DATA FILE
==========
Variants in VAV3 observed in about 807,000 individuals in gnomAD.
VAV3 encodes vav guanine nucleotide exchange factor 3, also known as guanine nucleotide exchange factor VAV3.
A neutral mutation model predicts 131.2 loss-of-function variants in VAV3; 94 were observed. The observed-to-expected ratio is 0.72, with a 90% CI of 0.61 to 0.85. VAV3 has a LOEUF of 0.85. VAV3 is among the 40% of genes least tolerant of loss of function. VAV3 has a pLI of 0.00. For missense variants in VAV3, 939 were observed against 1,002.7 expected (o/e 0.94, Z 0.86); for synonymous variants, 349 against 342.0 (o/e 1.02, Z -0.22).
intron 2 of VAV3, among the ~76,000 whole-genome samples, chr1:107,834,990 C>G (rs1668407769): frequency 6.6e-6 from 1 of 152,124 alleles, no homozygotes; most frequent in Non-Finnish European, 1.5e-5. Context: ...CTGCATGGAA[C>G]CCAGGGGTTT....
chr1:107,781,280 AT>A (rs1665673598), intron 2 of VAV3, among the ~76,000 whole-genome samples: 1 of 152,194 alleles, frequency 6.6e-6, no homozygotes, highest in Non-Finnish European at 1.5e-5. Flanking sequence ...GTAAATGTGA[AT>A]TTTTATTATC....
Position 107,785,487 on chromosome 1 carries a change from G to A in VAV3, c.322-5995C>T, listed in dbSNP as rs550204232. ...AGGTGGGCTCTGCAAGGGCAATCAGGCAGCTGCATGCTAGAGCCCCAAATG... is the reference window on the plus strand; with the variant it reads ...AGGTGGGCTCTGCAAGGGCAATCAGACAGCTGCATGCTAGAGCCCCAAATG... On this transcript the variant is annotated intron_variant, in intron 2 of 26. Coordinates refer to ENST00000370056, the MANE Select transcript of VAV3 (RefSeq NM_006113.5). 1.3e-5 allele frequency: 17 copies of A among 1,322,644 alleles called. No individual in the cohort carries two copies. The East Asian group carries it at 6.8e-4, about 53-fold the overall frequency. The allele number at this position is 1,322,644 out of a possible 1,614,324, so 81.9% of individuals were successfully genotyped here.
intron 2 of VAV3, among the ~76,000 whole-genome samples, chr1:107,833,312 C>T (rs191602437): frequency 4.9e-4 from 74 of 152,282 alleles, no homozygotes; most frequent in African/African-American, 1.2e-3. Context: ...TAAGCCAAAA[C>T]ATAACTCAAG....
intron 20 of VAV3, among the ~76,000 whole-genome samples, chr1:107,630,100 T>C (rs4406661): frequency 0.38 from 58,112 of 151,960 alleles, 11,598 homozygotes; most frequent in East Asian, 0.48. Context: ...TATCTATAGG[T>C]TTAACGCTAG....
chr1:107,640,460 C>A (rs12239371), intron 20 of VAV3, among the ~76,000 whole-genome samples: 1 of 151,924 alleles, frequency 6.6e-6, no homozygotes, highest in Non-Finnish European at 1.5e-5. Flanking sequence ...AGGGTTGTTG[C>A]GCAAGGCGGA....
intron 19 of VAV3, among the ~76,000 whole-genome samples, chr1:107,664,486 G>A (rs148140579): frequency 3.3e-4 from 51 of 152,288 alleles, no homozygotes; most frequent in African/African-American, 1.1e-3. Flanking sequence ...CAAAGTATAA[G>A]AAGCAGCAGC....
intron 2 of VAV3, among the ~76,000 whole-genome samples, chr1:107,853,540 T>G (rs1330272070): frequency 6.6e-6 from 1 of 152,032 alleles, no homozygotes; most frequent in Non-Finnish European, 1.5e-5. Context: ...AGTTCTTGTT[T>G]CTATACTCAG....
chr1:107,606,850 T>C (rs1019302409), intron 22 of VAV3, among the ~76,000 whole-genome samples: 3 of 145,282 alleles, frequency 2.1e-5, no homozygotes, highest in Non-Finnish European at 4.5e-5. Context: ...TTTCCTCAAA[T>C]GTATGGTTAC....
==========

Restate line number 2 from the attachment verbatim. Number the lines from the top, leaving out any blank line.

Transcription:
VAV3 encodes vav guanine nucleotide exchange factor 3, also known as guanine nucleotide exchange factor VAV3.